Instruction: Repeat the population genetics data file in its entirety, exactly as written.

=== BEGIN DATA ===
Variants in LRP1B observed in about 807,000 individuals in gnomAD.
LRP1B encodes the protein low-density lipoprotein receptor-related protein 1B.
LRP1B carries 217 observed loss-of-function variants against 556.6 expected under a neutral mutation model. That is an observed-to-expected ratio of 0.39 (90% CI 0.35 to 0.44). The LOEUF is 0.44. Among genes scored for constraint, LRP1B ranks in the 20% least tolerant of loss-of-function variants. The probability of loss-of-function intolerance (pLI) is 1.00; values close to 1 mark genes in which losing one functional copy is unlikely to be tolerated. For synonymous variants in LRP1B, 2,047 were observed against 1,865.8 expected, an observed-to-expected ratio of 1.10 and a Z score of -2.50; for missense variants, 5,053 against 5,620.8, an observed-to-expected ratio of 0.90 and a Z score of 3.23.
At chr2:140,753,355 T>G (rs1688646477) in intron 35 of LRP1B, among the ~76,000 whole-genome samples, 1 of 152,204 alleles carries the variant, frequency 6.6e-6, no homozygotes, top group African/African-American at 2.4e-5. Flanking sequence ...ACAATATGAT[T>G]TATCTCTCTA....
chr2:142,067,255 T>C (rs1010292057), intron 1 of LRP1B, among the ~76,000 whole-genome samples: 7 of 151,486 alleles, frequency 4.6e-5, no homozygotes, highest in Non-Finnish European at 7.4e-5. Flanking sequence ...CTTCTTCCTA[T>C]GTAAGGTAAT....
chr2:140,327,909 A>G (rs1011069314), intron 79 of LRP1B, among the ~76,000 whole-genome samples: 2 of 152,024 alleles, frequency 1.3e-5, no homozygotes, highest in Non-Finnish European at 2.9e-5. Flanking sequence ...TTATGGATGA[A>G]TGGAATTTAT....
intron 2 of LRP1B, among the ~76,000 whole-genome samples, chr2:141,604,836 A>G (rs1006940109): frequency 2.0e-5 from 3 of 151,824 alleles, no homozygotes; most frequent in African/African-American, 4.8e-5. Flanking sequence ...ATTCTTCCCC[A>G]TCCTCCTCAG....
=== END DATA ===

Variants in LRP1B observed in about 807,000 individuals in gnomAD.
LRP1B encodes the protein low-density lipoprotein receptor-related protein 1B.
LRP1B carries 217 observed loss-of-function variants against 556.6 expected under a neutral mutation model. That is an observed-to-expected ratio of 0.39 (90% CI 0.35 to 0.44). The LOEUF is 0.44. Among genes scored for constraint, LRP1B ranks in the 20% least tolerant of loss-of-function variants. The probability of loss-of-function intolerance (pLI) is 1.00; values close to 1 mark genes in which losing one functional copy is unlikely to be tolerated. For synonymous variants in LRP1B, 2,047 were observed against 1,865.8 expected, an observed-to-expected ratio of 1.10 and a Z score of -2.50; for missense variants, 5,053 against 5,620.8, an observed-to-expected ratio of 0.90 and a Z score of 3.23.
At chr2:140,753,355 T>G (rs1688646477) in intron 35 of LRP1B, among the ~76,000 whole-genome samples, 1 of 152,204 alleles carries the variant, frequency 6.6e-6, no homozygotes, top group African/African-American at 2.4e-5. Flanking sequence ...ACAATATGAT[T>G]TATCTCTCTA....
chr2:142,067,255 T>C (rs1010292057), intron 1 of LRP1B, among the ~76,000 whole-genome samples: 7 of 151,486 alleles, frequency 4.6e-5, no homozygotes, highest in Non-Finnish European at 7.4e-5. Flanking sequence ...CTTCTTCCTA[T>C]GTAAGGTAAT....
chr2:140,327,909 A>G (rs1011069314), intron 79 of LRP1B, among the ~76,000 whole-genome samples: 2 of 152,024 alleles, frequency 1.3e-5, no homozygotes, highest in Non-Finnish European at 2.9e-5. Flanking sequence ...TTATGGATGA[A>G]TGGAATTTAT....
intron 2 of LRP1B, among the ~76,000 whole-genome samples, chr2:141,604,836 A>G (rs1006940109): frequency 2.0e-5 from 3 of 151,824 alleles, no homozygotes; most frequent in African/African-American, 4.8e-5. Flanking sequence ...ATTCTTCCCC[A>G]TCCTCCTCAG....